This all came to a head in 1951. The next two to three years saw an intensification of the hunt for gays in government, in prominent positions involving international travel, and just ordinary citizens. In England, artists and performers were called in and grilled (Gielgud most famously) - possibly because the British intelligence and government had used performers such as Noel Coward during the war. In the USA, Sen. McCarthy and others made their careers on making wild claims about communism, and investigating "culture industry" artists and managers for "unAmerican" attendance at left wing lectures or use of pro-labor themes in movies, and investigating government workers of all levels for gay activity or association that would (likely) make them vulnerable to blackmail.

That's the historical setting to put Turing's persecution into context. There is also the question of whether the government feared that Turing could come up with more significant ideas on his own. I am not quite sure why it didn't occur to them to keep him employed and under very close supervision but without access to important classified information. At any rate, one never leaves the intelligence services if highly placed. Retirement merely means lack of duties - not lack of supervision.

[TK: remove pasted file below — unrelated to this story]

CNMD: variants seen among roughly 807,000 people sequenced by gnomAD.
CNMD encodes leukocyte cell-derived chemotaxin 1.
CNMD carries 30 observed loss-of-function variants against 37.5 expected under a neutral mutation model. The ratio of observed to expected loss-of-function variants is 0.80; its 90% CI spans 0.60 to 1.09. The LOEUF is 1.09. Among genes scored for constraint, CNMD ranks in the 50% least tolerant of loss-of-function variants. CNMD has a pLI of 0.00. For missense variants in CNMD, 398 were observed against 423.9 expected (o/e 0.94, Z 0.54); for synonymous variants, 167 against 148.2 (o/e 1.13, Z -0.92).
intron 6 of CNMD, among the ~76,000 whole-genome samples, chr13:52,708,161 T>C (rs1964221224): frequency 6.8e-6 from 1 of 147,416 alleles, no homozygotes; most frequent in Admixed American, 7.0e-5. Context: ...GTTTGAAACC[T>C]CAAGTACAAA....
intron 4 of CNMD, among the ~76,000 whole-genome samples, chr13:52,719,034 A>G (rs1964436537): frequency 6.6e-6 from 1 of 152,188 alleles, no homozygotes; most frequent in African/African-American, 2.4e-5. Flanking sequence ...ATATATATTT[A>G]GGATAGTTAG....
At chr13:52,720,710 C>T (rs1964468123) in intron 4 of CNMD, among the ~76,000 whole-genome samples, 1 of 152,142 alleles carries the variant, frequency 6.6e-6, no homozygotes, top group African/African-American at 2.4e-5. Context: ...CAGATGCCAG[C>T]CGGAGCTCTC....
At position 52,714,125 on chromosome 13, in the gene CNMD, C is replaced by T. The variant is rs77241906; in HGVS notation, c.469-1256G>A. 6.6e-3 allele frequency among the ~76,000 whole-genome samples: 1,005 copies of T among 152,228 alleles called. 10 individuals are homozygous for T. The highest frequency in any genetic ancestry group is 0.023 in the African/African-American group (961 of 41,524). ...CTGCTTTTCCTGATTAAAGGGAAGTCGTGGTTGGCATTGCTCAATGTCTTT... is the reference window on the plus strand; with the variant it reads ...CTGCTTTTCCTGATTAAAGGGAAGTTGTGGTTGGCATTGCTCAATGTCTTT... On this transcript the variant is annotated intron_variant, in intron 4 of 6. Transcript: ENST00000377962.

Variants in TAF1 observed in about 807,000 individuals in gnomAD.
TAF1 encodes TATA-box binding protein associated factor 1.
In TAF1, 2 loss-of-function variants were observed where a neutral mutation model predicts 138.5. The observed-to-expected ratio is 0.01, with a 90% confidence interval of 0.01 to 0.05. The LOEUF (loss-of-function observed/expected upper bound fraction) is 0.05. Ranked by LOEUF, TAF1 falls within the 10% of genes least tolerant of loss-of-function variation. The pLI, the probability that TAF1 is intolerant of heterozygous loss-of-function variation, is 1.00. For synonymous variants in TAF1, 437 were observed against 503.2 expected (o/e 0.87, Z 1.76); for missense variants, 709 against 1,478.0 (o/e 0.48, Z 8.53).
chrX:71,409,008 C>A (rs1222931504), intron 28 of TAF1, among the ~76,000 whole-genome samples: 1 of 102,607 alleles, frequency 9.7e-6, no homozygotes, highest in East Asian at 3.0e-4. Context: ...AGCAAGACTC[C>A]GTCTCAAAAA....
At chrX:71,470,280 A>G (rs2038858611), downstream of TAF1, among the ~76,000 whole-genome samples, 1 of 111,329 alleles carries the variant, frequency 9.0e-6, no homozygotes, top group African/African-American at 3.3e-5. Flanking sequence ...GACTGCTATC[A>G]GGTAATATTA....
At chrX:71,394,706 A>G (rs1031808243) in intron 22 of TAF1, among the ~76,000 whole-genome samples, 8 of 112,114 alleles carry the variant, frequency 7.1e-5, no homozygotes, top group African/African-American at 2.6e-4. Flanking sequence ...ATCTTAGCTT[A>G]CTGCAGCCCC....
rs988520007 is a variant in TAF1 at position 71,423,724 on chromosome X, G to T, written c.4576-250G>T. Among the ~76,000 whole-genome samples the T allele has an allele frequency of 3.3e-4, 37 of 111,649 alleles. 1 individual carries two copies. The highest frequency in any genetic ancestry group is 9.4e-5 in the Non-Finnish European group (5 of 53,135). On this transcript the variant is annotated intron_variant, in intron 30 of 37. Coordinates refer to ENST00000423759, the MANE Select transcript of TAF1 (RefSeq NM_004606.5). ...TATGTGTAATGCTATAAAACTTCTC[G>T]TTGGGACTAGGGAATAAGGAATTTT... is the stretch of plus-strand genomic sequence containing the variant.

Counterlight said...

I'm also a Mac fan (I use a lot of pictures in my line of work), and I'm gratified to learn of the tribute to Turing in the logo.

As the computer age marches on, I imagine Turing's posthumous fame will only grow as people come to realize the central role he played in creating it.

Paul M said...

Turing was immortalized in the computer science community by his concept of the Turing Machine, which was a fundamental concept in the early theory of computers. I was not aware of his involvement in cryptography. Thank you for posting this.

Göran Koch-Swahne said...

Apocryphal or not, this is beautiful!

David said...

And let us not forget the Turing Award:

"Given annually by the Association for Computing Machinery to 'an individual selected for contributions of a technical nature made to the computing community. The contributions should be of lasting and major technical importance to the computer field'. The Turing Award is recognized as the 'highest distinction in Computer Science' and the 'Nobel Prize of computing'."

PseudoPiskie said...

I too wish I could have the multicolored rather than the white Apple sticker for my car.